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ISSUE: Baby voters (franchise) rights & the constitution!

http://www.news.com.au/national/victoria/opposition-leader-bill-shortens-election-pledge-to-lower-votingage/story-fnii5sms-1227588771022 Opposition Leader Bill Shorten’s election pledge to lower voting age,
news.com.au, ROB HARRIS, Herald Sun, October 31, 2015
Our constitution (Commonwealth of Australia Constitution Act 1900 (UK) was framed upon the basis that any
person who was an “adult” and has state franchise could vote in federal elections. It was made clear that for
Commonwealth purposes a state elector could only vote in federal elections if under Commonwealth was deemed to
be an “adult”. It was up to the Commonwealth to determine what the “age” for an “adult” would be set at. At the
time of the Constitution being drafted the issue was if 16 year olds if granted franchise rights in a State then could
vote in federal elections!
Hansard 3-3-1898 Constitution Convention Debates QUOTE Mr. GLYNN.-None of the states could do that.
They could not go beyond the South Australian suffrage, and have baby voters. END QUOTE
Hansard 17-3-1898 Constitution Convention Debates (Official Record of the Debates of the National
Australasian Convention) Mr. BARTON.- QUOTE This Bill also contains a provision in favour of electors,
which is altogether absent from the Bill of 1891; that is, a provision for the protection of the voting right, when the
right has been granted, so that no adult person who, at the establishment of this Constitution, or [start page
2468] at any time afterwards, acquires the right to vote for the Legislative Assembly in his own colony or state
can be deprived of that right by any law passed by the Federal Parliament. This is a provision which was
introduced at the instance of the Hon. Mr. Holder; and although the matter has been the subject of complaint from
time to time, the instance I have cited may be appealed to as one evidence of the want of foundation of accusations
against this Bill on account of its alleged illiberal character. END QUOTE Hansard 3-3-1898 Constitution
Convention Debates QUOTE Mr. BARTON (New South Wales).-That is an alteration of substance which I will
explain. I agree with the object of the clause as proposed to be limited by the amendment which I am now proposing.
That is to say, I quite agree that any elector who, at the establishment of the Commonwealth or afterwards, has,
under the law in force in any state at the establishment of the Commonwealth, the right to vote at elections should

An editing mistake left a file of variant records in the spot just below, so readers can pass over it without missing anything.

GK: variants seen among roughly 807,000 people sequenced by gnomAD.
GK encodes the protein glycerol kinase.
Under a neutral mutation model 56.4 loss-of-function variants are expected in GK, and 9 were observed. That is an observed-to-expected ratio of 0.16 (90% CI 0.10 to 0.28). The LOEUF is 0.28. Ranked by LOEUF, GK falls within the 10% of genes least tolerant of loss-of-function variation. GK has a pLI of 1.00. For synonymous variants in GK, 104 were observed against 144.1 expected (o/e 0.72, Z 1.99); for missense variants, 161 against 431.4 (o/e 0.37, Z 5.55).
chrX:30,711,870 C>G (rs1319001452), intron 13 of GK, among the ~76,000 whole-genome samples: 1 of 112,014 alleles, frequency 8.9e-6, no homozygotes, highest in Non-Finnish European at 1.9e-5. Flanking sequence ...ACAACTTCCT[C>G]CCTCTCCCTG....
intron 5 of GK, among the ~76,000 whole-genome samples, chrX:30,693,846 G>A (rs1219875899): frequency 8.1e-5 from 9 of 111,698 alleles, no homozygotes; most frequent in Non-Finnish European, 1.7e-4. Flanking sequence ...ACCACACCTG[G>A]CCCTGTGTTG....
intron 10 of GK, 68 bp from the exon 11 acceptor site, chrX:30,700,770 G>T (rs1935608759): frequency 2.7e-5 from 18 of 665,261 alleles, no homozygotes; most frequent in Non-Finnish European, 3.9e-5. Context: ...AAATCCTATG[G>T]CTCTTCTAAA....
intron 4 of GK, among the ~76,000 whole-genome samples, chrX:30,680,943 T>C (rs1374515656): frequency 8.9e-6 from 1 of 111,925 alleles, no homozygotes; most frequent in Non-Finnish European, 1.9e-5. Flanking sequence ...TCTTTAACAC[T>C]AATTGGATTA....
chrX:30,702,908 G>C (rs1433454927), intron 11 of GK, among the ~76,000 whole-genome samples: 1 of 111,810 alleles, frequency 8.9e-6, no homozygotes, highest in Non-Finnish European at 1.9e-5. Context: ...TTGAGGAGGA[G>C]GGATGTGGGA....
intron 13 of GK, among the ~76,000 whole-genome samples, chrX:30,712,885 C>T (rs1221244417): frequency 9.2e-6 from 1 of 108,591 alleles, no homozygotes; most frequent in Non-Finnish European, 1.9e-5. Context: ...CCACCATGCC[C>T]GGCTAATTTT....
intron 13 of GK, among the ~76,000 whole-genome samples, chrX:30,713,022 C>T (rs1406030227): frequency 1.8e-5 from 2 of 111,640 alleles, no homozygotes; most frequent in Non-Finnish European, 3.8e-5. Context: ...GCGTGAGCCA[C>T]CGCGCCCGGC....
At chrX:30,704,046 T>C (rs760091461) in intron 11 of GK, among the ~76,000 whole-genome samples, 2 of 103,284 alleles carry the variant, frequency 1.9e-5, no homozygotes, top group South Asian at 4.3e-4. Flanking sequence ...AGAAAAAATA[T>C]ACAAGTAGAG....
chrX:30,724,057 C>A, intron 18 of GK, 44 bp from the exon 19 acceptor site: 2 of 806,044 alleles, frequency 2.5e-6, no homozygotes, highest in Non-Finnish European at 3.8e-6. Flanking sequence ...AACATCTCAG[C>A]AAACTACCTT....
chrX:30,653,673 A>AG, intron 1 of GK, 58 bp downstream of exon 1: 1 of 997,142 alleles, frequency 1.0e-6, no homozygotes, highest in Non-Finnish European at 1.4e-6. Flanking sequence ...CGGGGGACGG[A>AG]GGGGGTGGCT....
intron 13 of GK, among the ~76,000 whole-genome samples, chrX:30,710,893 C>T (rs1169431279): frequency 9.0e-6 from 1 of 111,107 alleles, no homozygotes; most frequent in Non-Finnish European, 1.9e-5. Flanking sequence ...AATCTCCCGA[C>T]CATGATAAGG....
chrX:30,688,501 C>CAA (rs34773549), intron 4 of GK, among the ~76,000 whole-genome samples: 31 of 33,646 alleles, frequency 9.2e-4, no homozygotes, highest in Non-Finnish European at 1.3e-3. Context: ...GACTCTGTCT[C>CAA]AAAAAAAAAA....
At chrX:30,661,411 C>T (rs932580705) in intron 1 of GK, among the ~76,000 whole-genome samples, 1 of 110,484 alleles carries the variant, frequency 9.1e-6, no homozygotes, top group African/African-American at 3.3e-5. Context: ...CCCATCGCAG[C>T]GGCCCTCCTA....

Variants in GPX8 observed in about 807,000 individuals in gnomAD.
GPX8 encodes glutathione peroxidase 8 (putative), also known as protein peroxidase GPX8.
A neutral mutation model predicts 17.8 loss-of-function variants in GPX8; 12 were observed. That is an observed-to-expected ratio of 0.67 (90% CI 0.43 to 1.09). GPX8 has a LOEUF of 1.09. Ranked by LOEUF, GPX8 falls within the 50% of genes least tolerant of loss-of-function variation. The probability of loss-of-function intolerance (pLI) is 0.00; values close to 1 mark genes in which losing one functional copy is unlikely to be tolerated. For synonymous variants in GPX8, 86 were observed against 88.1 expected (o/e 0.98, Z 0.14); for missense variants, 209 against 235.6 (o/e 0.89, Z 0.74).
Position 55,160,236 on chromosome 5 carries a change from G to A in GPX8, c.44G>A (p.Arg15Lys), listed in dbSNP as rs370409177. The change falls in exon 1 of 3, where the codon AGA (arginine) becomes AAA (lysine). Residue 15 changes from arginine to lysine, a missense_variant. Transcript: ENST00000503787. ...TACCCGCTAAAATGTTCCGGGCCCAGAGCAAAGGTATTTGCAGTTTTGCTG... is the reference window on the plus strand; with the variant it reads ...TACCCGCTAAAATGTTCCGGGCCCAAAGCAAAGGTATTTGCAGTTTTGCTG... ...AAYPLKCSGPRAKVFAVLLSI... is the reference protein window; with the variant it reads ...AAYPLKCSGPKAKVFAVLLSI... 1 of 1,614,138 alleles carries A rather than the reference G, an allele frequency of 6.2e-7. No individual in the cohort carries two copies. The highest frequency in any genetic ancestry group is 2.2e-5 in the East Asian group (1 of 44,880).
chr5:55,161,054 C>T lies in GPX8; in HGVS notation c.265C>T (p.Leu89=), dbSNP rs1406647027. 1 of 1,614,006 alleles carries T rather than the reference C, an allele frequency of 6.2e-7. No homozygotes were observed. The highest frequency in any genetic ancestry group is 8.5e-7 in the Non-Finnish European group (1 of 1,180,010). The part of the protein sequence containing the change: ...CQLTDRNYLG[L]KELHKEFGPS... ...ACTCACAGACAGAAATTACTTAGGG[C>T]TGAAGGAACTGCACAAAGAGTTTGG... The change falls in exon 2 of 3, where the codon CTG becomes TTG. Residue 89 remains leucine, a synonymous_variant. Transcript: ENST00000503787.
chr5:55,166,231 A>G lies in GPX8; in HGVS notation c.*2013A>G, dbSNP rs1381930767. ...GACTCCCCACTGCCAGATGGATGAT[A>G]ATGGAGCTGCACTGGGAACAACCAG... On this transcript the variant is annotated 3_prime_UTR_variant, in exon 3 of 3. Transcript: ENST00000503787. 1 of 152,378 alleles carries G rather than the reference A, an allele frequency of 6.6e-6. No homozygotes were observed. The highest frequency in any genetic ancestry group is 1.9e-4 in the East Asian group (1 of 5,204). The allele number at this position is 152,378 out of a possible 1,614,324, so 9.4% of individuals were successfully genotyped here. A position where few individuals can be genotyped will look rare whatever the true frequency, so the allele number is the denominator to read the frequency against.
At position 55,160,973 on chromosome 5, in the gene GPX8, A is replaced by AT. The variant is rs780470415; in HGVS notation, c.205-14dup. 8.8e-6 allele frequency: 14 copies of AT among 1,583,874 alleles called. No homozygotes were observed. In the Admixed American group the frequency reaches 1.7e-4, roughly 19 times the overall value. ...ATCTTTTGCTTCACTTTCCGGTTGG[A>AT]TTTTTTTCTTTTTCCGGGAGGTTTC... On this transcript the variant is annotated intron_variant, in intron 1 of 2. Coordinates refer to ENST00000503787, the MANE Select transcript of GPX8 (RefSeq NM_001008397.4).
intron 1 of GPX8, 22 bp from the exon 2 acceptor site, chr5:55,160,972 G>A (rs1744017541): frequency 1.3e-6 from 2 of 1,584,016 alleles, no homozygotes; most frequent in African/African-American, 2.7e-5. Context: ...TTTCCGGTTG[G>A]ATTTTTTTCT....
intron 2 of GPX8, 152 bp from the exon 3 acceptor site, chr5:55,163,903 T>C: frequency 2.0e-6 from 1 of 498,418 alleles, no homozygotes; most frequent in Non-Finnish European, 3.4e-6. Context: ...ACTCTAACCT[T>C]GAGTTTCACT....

not be prevented by any law of the Commonwealth from exercising that right. END QUOTE
This was aimed at any form of legislation that would seek to deny a person who ordinary would be entitled to vote,
albeit any legislation against any race within ss51(xxvi) would automatically deny all persons of that race their
franchise. It should however be understood that the Commonwealth was entitled to set the age as to what it deemed
to be an adult. It must be clear that the terminology used by the Framers of the Constitution are; “British subject”,
“to make persons subjects of the British Empire.”, “with the consent of the Imperial authority”, “What is
meant is a dual citizenship in Mr. Trenwith and myself. That is to say, I am a citizen of the state and I am also
a citizen of the Commonwealth; that is the dual citizenship.”, “we are all alike subjects of the British Crown.”
We have a High Court of Australia that appears to me being political motivated to try to alter the Constitution by
stealth by endorsing a substitute Constitution!
Hansard 2-3-1898 Constitution Convention Debates QUOTE Mr. SYMON.-I would not put such a power in the
hands of any Parliament. We must rest this Constitution on a foundation that we understand, and we mean that
every citizen of a state shall be a citizen of the Commonwealth, and that the Commonwealth shall have no
right to withdraw, qualify, or restrict those rights of citizenship, except with regard to one particular set of
people who are subject to disabilities, as aliens, and so on. END QUOTE
Anyone who has State franchise and is an “adult” as to the age set by the Commonwealth is entitled to vote in
federal elections but the Commonwealth cannot dictate the States to lower the age of elector’s eligibility. If one or
more of the States decide to keep the minimum age at 18 then the Commonwealth cannot overrule this, and then
cannot lower the age below the highest age permitted in any state. As such, even if one state leaves it at 18 years of
age then the Commonwealth cannot lower the “adult” age below this. I would suggest that Mr Bill Shorten first
learns the true meaning and application of the constitution before suggesting something that may not work!
This correspondence is not intended and neither must be perceived to state all relevant issues/details.

Awaiting your response,

G. H. Schorel-Hlavka O.W.B. (Gerrit)

MAY JUSTICE ALWAYS PREVAIL®
(Our name is our motto!)
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1-11-2015
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